The positive impact of e-commerce will be partially offset by a decline in consumer spending, especially on big-ticket items.Non-performing loans will weigh on the ability to generate future growth. The expected long-term run of rock-bottom interest rates will affect both deposit holdings and returns.

In addition, an increase in contactless mobile payments may lead to a long-term shift away from credit card usage – a change that could be exacerbated by a shift from credit to debit cards as consumers grow more cautious and banks limit credit lines.

The pandemic is incentivising customers’ shift away from traditional branches to digital channels.

According to BCG’s most recent retail banking survey, an average of 13% of respondents in 16 major markets used online banking for the first time during the pandemic (12% for mobile) – and in some markets, the percentage is substantially higher.

Cashless payments are also receiving a major boost during the crisis. More than 20% of respondents said they have increased their use of digital payment solutions, such as those provided by internet banking and third-party apps, and more than 10% said the same about credit and debit cards.

Branches are feeling the brunt
The survey showed a 12% net reduction in the use of branches during the pandemic.Lockdowns and social-distancing regulations restricted access to branches and forced many customers to sign up for online or mobile banking for the first time, and most of them liked what they found.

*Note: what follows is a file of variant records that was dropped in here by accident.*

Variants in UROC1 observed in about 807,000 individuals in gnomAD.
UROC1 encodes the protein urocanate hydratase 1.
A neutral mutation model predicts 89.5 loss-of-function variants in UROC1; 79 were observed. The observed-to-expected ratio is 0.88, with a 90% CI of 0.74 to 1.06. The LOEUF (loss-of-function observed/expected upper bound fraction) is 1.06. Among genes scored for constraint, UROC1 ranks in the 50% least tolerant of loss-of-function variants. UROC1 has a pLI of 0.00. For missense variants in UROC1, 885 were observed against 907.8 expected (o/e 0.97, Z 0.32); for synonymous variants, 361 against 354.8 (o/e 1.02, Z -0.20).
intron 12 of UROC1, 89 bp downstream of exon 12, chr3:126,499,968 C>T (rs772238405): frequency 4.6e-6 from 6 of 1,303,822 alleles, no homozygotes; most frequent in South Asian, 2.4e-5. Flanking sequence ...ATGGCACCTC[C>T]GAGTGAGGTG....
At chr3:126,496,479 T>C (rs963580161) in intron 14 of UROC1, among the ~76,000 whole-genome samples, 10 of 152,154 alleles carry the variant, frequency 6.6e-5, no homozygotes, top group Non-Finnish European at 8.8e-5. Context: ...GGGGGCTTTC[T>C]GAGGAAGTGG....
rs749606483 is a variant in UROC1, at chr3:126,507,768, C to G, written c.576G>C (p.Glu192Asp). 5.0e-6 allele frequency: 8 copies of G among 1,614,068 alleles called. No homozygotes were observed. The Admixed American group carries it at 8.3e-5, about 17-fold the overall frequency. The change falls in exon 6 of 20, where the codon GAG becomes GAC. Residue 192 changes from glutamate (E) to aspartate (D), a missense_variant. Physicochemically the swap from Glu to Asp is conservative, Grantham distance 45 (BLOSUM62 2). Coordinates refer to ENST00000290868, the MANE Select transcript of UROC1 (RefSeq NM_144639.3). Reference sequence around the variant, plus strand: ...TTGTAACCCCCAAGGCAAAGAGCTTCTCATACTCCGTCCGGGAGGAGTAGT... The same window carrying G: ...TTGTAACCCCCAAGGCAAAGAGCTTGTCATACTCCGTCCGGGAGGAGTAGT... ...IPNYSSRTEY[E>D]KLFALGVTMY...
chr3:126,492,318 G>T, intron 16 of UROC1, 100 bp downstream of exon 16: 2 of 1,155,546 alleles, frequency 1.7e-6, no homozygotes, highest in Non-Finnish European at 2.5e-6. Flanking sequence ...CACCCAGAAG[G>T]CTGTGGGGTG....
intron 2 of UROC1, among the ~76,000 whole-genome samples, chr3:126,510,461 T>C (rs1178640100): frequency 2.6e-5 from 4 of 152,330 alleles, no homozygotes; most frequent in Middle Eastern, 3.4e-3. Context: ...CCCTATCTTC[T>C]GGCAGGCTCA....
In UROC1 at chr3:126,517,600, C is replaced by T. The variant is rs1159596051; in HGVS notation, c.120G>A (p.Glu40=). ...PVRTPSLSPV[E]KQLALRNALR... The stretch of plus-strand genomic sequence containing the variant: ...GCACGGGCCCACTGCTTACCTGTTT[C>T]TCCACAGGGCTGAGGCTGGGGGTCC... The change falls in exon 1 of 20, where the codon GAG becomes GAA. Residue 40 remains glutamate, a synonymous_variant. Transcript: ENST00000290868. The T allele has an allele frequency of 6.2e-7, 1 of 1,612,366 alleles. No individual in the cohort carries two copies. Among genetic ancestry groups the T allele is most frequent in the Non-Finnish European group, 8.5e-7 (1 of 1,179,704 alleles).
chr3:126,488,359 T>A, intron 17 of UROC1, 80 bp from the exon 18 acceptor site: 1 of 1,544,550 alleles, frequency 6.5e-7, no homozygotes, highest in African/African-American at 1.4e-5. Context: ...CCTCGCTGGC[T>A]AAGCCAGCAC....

More important, the shift to digital channels is likely to be permanent. On the basis of our survey, BCG expects an additional net increase of 19% in mobile banking and an additional net reduction of 26% in branch usage after the pandemic.

Less digitally adept banks may soon find that both new and more-experienced users choose online banking over visiting branches. The danger is that digitally aware customers will defect to more digitally advanced incumbent competitors or nimble and innovative challengers.

The bank of the future cannot operate with the cost structure of the present and remain competitive

BCG’s analysis shows that the operating costs of the best banks are already around 40% lower than those of the typical bank, and they have roughly 50% fewer employees.These banks make larger and more sales, and they do so with branches that are less transaction focused.

Specifically, the top banks open 69% more accounts per branch full-time equivalent, and conduct 80% fewer branch transactions per customer compared with the typical bank.

The best banks run more efficient contact centres, with representatives handling, on average, 10% more inbound calls than those at the typical bank. The top banks also handle 65% of calls without a human involved, compared with 45% for the typical bank.

But even the best banks focus their digitisation efforts on certain aspects of the business and do not excel across the board. They are only at the early stages of applying advanced technologies, such as AI, to their business and the entire value chain.

A theoretical bank of the future that is modelled on the most efficient functions of today’s most efficient banks – the top 25% of BCG’s sample by function – could operate with costs that are 69% lower than those of today’s typical bank.

In practice, of course, no single bank will be this efficient across the organisation.

But banks that are not planning now for a major step change in their cost structure will find themselves at an unsustainable competitive disadvantage – perhaps sooner than they think.